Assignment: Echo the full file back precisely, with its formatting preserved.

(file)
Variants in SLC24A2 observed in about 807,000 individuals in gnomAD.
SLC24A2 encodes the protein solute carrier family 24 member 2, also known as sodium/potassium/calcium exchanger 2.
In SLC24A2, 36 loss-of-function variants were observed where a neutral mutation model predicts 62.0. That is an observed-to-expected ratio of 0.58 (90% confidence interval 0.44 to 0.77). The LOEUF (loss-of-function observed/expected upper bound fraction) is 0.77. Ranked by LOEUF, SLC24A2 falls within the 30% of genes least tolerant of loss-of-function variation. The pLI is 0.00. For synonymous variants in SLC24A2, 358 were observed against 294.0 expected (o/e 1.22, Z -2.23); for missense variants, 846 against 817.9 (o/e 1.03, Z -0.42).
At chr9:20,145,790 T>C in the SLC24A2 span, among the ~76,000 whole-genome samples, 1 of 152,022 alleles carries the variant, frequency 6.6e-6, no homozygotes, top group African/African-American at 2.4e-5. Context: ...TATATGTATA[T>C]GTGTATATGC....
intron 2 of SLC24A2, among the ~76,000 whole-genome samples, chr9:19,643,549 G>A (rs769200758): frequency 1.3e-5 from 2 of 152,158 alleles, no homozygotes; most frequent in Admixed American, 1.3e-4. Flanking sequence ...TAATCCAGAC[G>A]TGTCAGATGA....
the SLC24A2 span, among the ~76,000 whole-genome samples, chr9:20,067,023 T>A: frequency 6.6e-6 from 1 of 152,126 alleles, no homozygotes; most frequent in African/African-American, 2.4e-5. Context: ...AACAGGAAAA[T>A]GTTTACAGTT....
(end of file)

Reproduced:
Variants in SLC24A2 observed in about 807,000 individuals in gnomAD.
SLC24A2 encodes the protein solute carrier family 24 member 2, also known as sodium/potassium/calcium exchanger 2.
In SLC24A2, 36 loss-of-function variants were observed where a neutral mutation model predicts 62.0. That is an observed-to-expected ratio of 0.58 (90% confidence interval 0.44 to 0.77). The LOEUF (loss-of-function observed/expected upper bound fraction) is 0.77. Ranked by LOEUF, SLC24A2 falls within the 30% of genes least tolerant of loss-of-function variation. The pLI is 0.00. For synonymous variants in SLC24A2, 358 were observed against 294.0 expected (o/e 1.22, Z -2.23); for missense variants, 846 against 817.9 (o/e 1.03, Z -0.42).
At chr9:20,145,790 T>C in the SLC24A2 span, among the ~76,000 whole-genome samples, 1 of 152,022 alleles carries the variant, frequency 6.6e-6, no homozygotes, top group African/African-American at 2.4e-5. Context: ...TATATGTATA[T>C]GTGTATATGC....
intron 2 of SLC24A2, among the ~76,000 whole-genome samples, chr9:19,643,549 G>A (rs769200758): frequency 1.3e-5 from 2 of 152,158 alleles, no homozygotes; most frequent in Admixed American, 1.3e-4. Flanking sequence ...TAATCCAGAC[G>A]TGTCAGATGA....
the SLC24A2 span, among the ~76,000 whole-genome samples, chr9:20,067,023 T>A: frequency 6.6e-6 from 1 of 152,126 alleles, no homozygotes; most frequent in African/African-American, 2.4e-5. Context: ...AACAGGAAAA[T>A]GTTTACAGTT....